Post by Jeff Koch [See Contributors]
Over the last 10 years, I’ve spent a good amount of time internet dating. It really is the perfect medium for writers to meet and scope out potential dates and partners, as the primary means of information exchange is the written word. I’m an ardent supporter of the process, and often encourage my friends to do it. Most sites will allow you to see basic physical and social information (height, eye/hair color, job, location, etc), a rundown of likes and dislikes, an open-ended about me section, and usually the answer to quirky questions meant to bring out the writer’s personality. If people use it honestly and sincerely, it can really work.
But there’s always been one question and subsequent answer (that shows up on most sites) that has always troubled me. When asked to share religion, lots of people (and most people my age) respond with spiritual but not religious. At first blush, it seems quite obvious what this answer is trying to convey about oneself: “Look, I’m a thoughtful, intelligent person that thinks and cares about ‘deep’ things, but I don’t go to church and I’m not a crazy right-wing religious nut”. But the underlying sentiment is much more complicated and even a tad sinister—the two ideas seem to have been torn asunder from each other. Spirituality is no longer seen as domain of religion, and in fact is seen as something entirely separate. And conversely, religion is oftentimes no longer seen as a place of spiritual exploration and understanding.
One of the problems I have with this is that the word spiritual and all of its possible meanings and connotations is so open-ended, broad, and ambiguous, that it can really lose all meaning. At this point it just becomes short hand, not much different than the word cool. It can also be used as a lazy short cut, a way to achieve a certain level of depth without having to do any actual work, because what does spirituality really require besides thinking? And no one can ever question if one thinks or not. I’m certainly not saying that spiritual people are lazy or clueless; I’m merely suggesting that anybody anywhere can say that they are spiritual without having that assertion questioned in any way, because there is no litmus test for spirituality.
So then how would we define spiritual? The dictionary says this . Notice that several entries mention religion. But the main thing I take away from the definition is that spiritual consists of an interest in the soul, the non-physical, and how we understand ourselves and the things that we can only feel implicitly. It doesn’t necessarily imply a certain belief in anything, but an attempt to define those beliefs for one’s self. Ultimately, it is how we choose to relate to ourselves and both the physical and non-physical world around us.
Talking about religion (and especially Christianity, the predominant religion in America, and the religion I will be using in this essay) is a much trickier endeavor. Just the word religion is so socially and politically charged these days, that it’s hard to discuss it rationally and it’s even harder to agree on exactly what it means or what it is. I’m not here to preach, and I’m not here to have a heated political discussion. I only hope that we can come to some sort of basic understanding about what religion is, at the very least, trying to be.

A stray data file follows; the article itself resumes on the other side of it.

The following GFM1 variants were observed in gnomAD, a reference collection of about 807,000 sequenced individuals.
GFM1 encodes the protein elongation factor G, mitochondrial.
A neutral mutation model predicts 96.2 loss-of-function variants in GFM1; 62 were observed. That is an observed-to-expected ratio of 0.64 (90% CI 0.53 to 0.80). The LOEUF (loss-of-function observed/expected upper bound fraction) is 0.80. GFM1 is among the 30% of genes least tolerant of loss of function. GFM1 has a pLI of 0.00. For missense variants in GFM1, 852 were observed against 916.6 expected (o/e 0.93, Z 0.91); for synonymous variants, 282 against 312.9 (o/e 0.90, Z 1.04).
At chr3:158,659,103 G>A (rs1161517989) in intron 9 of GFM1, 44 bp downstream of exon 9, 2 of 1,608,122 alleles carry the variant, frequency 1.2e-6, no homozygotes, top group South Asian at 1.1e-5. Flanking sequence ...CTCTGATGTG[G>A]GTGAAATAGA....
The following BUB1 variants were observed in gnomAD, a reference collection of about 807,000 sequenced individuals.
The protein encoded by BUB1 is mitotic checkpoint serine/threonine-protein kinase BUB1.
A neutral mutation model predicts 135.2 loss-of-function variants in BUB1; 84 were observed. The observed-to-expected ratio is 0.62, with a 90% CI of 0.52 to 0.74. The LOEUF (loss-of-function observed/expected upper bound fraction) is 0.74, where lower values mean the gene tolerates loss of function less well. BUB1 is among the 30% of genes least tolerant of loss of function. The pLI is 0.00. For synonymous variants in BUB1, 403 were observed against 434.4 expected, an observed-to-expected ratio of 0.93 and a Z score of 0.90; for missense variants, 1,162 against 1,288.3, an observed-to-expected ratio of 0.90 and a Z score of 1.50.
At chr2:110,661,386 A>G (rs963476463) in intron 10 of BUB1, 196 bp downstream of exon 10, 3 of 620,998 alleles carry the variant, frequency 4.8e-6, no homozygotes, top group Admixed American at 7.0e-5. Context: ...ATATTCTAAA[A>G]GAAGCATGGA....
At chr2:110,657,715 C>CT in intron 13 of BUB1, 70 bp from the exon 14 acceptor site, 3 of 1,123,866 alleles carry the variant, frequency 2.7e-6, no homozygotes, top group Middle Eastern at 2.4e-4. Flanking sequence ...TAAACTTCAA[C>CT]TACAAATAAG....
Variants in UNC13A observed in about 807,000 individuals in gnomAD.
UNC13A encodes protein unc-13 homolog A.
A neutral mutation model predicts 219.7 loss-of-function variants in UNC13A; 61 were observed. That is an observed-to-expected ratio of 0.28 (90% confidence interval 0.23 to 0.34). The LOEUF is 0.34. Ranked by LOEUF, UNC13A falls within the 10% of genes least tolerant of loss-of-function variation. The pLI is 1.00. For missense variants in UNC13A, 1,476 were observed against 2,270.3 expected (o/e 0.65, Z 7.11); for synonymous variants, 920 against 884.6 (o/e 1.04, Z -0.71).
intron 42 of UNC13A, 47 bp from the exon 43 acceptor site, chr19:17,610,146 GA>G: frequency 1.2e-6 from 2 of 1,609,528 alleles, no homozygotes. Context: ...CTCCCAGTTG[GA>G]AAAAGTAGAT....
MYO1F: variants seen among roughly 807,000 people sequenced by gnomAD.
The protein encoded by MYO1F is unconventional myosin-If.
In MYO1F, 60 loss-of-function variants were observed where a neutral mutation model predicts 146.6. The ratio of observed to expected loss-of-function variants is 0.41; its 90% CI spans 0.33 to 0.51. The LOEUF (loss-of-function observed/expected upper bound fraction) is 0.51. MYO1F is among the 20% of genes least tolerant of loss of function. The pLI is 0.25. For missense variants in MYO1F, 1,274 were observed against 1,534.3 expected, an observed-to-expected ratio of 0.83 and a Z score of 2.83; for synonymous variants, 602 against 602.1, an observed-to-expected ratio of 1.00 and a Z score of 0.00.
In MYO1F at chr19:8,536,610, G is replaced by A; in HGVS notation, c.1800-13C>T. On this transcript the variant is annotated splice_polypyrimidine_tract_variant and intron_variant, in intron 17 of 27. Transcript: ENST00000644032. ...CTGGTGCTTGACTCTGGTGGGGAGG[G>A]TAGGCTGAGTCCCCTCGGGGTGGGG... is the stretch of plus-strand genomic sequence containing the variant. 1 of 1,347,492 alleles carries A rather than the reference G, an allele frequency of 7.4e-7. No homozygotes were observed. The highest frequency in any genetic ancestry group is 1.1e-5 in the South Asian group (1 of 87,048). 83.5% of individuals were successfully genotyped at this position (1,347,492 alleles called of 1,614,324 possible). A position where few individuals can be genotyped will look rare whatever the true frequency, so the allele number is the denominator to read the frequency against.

I was spoiled with religion. My father is a Lutheran Minister; he’s also a kind, open, loving man. I grew up in a religious household that was also kind, open, and loving. I then went to University and studied religion from one of the sharpest and brightest minds in the field of Religious Studies. All the while, I was allowed the freedom to explore it and understand it on my own terms. So I understand that I come at religion from a different place than most.
But what is religion really trying to do? Why do people seek it out? Ultimately, I think that religion does two things: One, it helps us understand and define our Universe and our place in it. Second, it guides us in our interactions with ourselves and the world. Or, God and The Golden Rule.
This all sounds familiar, doesn’t it? Isn’t this really what spiritual people are doing, too, trying to understand the world within and the world without and figuring out how to relate to both worlds? But many spiritual people don’t believe in God. True, but they believe in something that they can’t see and can’t fully understand. They believe in an existence of a non-physical world and power or energy, something that binds us all. Religious people call it God. Spiritual people might not. That doesn’t mean they aren’t trying to understand the same thing.
And isn’t the Golden Rule (do unto others as you’d have done unto yourself) really just a way of figuring out how to relate to others vis-à-vis yourself? Spirituality is concerned with the self and figuring out how to understand and relate to it. Religion is concerned with taking that understanding and applying it to the rest of the world. Taking both to their logical ends comes up with the same conclusion: Be a good person.
Ultimately, I think we are talking about 2 sides of the same coin here. One can certainly be spiritual without being religious, and vice versa, but they are not mutually exclusive. As long as a person is curious, open-minded, and honest, both can offer fulfillment and benefit. I would encourage spiritual people to not dismiss religion out of hand, and to explore the teachings and the insights it might have to offer in your personal quest for understanding. And I would encourage religious people to never lose sight of the personal journey of spiritual growth that is inherent in all religions. In the end, whether we are spiritual, religious, or both, we are all looking for the same thing: a way to understand our mysterious world and to live in it harmoniously with ourselves and others.